Advocates Denounce Shelving of Bill that Would Have Reduced the Number of Police Shootings in California

FOR IMMEDIATE RELEASE
August 30, 2018
Contact:
Daisy Vieyra, 916-824-3266 (Sacramento)
Emilio Lacques 323-616-8016 (Los Angeles)

Advocates Denounce Shelving of Bill that Would Have Reduced the Number of Police Shootings in California

SACRAMENTO – Last night, a bill that would have changed the standard for when California police can use deadly force was held in the legislature. Assembly Bill 931, introduced by Assemblymembers Weber (D-San Diego) and McCarty (D-Sacramento), would have established that police officers cannot use deadly force when they have other reasonable alternatives.

In response, Alliance for Boys and Men of Color, ACLU of California, Anti Police-Terror Project, Communities United for Restorative Youth Justice (CURYJ), PICO California, PolicyLink, and Youth Justice Coalition L.A. issued the following joint statement:

“We are severely disappointed that the California Legislature will not address one of the most pressing issues of our time by passing legislation to hold police accountable this year.

“AB 931 was landmark legislation that offered a commonsense solution to California’s deadly problem with policing. 172 Californians were killed by law enforcement in 2017 alone. The bill’s premise was simple: police shouldn’t kill if they have other options. The choice for lawmakers was also simple: vote to save lives or ignore the epidemic of unjustified killings by police.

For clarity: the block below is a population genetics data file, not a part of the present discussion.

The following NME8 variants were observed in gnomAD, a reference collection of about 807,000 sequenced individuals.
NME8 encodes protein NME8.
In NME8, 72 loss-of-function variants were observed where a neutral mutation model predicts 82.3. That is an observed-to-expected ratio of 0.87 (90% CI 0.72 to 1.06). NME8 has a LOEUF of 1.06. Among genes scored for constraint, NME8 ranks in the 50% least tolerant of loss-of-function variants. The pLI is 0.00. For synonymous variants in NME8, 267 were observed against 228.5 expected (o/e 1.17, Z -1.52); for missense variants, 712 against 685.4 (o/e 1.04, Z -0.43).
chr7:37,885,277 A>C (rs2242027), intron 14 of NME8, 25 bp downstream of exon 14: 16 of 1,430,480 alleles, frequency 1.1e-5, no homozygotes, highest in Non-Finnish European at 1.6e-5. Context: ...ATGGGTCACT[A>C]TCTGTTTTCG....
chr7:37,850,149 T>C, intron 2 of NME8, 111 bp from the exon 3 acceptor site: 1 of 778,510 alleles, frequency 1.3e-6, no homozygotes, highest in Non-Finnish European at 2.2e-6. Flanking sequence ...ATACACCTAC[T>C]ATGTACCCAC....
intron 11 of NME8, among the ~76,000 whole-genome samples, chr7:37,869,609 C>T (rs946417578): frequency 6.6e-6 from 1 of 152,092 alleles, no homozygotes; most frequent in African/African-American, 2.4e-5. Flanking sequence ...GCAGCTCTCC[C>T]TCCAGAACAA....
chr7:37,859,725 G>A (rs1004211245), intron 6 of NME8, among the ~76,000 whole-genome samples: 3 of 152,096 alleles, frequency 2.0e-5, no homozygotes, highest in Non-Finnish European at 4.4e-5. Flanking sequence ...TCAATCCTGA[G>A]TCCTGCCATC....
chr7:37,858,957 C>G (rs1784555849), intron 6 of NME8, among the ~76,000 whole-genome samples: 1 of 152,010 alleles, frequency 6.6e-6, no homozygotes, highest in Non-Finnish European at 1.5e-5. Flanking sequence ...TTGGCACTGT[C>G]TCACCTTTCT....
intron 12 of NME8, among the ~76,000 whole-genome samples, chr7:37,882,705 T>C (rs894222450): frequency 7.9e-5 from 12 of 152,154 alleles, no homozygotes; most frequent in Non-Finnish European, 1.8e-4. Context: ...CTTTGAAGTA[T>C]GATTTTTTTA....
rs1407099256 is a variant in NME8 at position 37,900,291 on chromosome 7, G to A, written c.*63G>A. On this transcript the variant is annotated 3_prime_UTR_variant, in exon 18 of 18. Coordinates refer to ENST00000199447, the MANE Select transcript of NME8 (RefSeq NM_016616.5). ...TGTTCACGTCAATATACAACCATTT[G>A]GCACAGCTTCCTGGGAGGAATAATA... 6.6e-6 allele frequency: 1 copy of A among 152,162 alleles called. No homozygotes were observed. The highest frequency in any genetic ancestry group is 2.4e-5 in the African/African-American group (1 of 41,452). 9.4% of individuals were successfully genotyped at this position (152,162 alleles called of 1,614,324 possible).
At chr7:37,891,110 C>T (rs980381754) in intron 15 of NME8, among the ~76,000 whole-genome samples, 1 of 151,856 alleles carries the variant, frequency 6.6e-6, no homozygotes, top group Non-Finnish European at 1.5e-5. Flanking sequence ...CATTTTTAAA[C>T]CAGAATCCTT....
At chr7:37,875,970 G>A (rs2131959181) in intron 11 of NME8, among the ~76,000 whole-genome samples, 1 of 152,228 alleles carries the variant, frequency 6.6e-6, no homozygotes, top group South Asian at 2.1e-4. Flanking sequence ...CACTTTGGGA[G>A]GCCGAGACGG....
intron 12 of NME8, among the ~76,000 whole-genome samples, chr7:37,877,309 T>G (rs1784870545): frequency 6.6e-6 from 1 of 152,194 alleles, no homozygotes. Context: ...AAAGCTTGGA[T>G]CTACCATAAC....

“We thank Assemblymembers Weber and McCarty, who responded to constituents’ concerns and introduced the historic AB 931. We also thank Senators Wiener, Mitchell, Skinner, Jackson, and Bradford who voted for the bill in committee. Finally, we want to thank Senate President Atkins for acknowledging that the current deadly use of force standard is unconstitutional and for committing to taking this issue up again next year.

“But let us be clear. Every day that goes by without changing the standard for when police can use deadly force, is a day that another person will be unjustly killed in California. The California Legislature has a responsibility and a moral obligation to change this outdated standard, and to do so swiftly. Inaction is no longer an option.

“That this historic bill has advanced this far and received the groundswell of support it did is a testament to the power, dedication and leadership of families who have lost loved ones to police violence and to the organizations that fight to eradicate police violence every day – and to the fact that the days of police unions killing bills before they see the light of day are over. Rest assured that families will have justice, and we will persevere.”

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